It was also a time when an American lawyer in the mid-1930s began writing about wine full-time, creating a newsletter called The Wine Advocate. Many say that Robert Parker built his career on extolling the greatness of the 1982 Bordeaux vintage, although he obviously did much more.
More importantly, the 1982 vintage marked a big change in the way Bordeaux was produced. He emphasized ripe fruit and tannins in the reds as well as a slightly higher alcohol level and lower or less strong acidity – higher pH. This is what gave the wines such wonderful texture, or drinkability in their youth.
This was a big change from most vintages before 1982 which produced harsh, tannic wines that needed years or even decades to mellow. The 1982 vintage became a model vintage for red Bordeaux in the future, and arguably for the wine world in general. Think of all the fruity reds being produced around the world today – for better or for worse. The alcohols are at least two, sometimes three or four degrees higher. The tannins are stronger but more ripe. And the natural acidities are lower. Capitalization – adding sugar to fermenting grape must to increase the alcohol – seems to be a thing of the past.
“Young wines are so drinkable now,” said Alexander Thienpont, the winemaker of Vieux-Château-Certan and Pin de Pomerol. The latter made its reputation on early drinkability. “This is what people expect from a modern wine today. »
I believe part of the change with the 1982 was due to the “California” growing conditions that Bordelias were talking about at the time. The summer was extremely hot and sunny. The harvest was warm and mostly free of precipitation. Grape yields were high, with many of the best wine estates producing more wine per hectare than French authorities had set. In fact, the late Jean Pierre Moueix of Château Petrus always told me that the 1982 vintage would have been at the same level as the 1945 or 1949 vintage if yields had been lower.
However, the experience of the growing season and harvest in 1982 made a whole new generation of winegrowers in the region understand the importance of picking grapes later and riper. They realized early on that wine critics such as Parker and myself, as well as members of the American wine trade, were so enthusiastic about 1982 reds on tap. It was also the beginning of the popularization of barrel partitions used to buy wines.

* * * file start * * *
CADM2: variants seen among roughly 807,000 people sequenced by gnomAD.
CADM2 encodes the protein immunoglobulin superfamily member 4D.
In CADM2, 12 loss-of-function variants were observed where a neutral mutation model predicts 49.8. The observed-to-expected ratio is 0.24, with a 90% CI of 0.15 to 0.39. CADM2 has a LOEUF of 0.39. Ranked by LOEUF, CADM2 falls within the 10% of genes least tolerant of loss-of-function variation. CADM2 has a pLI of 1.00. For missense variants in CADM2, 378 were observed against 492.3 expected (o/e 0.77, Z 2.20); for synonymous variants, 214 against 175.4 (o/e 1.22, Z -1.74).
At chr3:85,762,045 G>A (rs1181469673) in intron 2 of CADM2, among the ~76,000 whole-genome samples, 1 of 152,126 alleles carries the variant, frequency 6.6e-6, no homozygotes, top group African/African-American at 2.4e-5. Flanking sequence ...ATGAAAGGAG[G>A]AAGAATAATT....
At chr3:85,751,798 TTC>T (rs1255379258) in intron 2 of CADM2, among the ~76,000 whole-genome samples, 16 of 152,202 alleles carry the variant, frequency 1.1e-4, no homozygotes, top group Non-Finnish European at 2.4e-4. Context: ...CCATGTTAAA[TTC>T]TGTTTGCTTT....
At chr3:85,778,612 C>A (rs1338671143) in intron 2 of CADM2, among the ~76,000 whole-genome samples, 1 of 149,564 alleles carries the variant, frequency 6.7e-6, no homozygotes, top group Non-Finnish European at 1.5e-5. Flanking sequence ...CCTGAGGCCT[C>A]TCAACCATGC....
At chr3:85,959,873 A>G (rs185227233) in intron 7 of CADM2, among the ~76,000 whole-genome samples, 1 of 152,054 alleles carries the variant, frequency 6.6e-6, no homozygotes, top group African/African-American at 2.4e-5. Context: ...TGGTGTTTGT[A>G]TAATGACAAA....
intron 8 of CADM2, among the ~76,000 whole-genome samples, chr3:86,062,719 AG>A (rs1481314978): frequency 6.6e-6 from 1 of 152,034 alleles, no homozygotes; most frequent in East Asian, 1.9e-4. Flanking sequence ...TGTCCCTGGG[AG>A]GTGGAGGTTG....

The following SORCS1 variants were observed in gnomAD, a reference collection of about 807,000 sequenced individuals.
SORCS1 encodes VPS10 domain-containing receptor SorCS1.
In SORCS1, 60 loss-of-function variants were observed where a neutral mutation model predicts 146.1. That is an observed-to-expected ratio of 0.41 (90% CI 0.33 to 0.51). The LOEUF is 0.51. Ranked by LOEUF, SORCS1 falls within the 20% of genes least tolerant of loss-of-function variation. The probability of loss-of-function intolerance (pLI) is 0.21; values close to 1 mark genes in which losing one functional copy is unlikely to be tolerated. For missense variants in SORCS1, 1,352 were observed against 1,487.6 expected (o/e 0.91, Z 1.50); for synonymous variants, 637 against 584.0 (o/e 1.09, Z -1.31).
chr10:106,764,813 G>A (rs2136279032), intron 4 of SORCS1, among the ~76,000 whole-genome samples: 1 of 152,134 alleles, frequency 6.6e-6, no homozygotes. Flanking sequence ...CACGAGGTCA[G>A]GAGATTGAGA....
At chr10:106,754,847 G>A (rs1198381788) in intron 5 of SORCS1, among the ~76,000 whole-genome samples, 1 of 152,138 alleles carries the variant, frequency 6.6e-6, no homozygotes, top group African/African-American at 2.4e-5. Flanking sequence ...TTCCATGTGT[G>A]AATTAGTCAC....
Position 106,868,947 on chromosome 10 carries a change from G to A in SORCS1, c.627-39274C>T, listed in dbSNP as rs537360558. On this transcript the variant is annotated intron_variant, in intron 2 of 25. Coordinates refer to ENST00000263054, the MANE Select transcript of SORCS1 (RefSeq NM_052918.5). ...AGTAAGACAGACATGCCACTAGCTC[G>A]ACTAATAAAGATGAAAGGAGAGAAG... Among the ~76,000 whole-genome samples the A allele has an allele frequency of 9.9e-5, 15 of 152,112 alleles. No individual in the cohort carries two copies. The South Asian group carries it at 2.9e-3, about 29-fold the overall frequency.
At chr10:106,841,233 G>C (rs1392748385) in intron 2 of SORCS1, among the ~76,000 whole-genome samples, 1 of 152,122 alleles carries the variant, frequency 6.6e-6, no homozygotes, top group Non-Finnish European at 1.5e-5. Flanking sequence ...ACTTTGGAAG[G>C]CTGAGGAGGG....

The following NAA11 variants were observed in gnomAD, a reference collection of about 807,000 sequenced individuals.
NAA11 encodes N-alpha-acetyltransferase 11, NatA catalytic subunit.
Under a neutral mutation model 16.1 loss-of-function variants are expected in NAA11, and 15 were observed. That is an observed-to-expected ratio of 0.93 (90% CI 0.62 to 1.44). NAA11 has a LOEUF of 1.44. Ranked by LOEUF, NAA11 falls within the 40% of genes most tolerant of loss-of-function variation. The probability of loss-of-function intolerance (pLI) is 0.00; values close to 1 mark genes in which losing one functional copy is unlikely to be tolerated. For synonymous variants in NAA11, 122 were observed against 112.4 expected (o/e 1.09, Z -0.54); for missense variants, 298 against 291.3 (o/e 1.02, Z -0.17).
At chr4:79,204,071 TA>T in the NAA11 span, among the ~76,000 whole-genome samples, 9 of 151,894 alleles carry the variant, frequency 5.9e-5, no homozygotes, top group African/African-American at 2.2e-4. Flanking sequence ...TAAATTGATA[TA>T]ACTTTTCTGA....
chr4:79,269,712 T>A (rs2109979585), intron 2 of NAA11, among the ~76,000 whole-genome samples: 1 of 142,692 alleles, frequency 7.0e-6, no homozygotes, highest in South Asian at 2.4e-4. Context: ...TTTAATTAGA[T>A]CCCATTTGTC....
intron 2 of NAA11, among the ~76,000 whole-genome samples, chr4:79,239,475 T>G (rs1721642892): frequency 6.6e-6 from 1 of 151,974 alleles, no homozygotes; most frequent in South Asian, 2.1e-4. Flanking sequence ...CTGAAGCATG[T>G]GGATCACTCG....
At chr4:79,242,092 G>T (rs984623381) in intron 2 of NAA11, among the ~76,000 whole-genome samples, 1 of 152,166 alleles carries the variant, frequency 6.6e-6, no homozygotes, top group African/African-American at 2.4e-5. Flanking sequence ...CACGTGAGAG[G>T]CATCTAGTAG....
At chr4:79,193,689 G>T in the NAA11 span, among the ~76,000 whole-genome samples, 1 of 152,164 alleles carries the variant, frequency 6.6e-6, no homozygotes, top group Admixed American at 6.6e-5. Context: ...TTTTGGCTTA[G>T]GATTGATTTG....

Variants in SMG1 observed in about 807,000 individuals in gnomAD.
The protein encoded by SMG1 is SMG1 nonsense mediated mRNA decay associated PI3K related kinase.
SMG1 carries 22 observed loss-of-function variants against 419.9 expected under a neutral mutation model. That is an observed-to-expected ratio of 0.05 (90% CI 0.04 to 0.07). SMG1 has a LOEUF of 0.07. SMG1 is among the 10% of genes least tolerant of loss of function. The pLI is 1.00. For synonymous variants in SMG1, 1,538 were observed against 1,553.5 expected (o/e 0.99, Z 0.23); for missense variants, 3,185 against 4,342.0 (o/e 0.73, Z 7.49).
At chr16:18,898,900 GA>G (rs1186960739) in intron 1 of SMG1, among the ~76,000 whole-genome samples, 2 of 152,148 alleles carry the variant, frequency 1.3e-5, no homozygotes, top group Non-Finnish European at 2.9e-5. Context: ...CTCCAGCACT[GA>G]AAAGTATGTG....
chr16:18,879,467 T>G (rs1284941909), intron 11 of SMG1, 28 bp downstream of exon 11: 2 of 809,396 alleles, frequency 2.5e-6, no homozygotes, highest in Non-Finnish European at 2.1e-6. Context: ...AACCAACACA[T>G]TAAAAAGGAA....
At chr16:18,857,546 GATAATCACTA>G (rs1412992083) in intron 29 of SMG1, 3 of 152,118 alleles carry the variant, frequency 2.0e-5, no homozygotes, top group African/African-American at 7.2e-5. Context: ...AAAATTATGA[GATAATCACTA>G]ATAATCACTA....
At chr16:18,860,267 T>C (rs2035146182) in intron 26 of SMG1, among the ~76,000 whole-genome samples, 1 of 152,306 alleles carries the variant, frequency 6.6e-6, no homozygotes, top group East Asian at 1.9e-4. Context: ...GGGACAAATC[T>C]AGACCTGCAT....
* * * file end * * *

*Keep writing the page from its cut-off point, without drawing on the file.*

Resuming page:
The American market was the largest market to buy high-end Bordeaux with the 1982 vintage. It began a decade of intense Bordeaux buying in the United States, with consumers buying first growth and second growth as well as Pomerols and Saint-Emilion. Americans delighted in the juiciness and beauty of the wine. They also made a lot of money if they kept the wines sold later. For example, most premier crus sold for around $40 per bottle in 1983 as futures and some now cost up to $3,500 per bottle. Prices for 1982 are now down slightly, but the 30-year price appreciation is impressive after 30 years.
The same goes for the quality of wines for the most part. I am lucky enough to drink top 1982s regularly, and the best ones never cease to amaze me with their generous, complex fruit and polished, ripe tannins. Bottle variation can be a problem because many of the big names have been bought, sold and stored all over the world, but overall it's a treat to drink a great 1982. And the vintage always reminds me of my beginnings in the world of wine
James Suckling has been writing and tasting wine for over 30 years. He worked for 28 years as editor of the American wine magazine The WIne Spectator, and in July 2010 he left to launch his own website www. jamessuckling.com and wine events company. He is also the Editor-in-Chief of Asia Tatler Group with luxury magazines across the region including Hong Kong, China, Singapore, Thailand, Taiwan, Philippines and Malaysia. His specialty is Italy and Bordeaux, but he loves tasting and discovering wines from all over the world. His last big wine adventure was tasting 57 vintages of Chateau Petrus in the Hamptons, but he also enjoyed sharing great Barolos from Bruno Giacosa, Roberto Vorezio and Giacomo Conterno with wine lovers in Seoul.
by James Sucking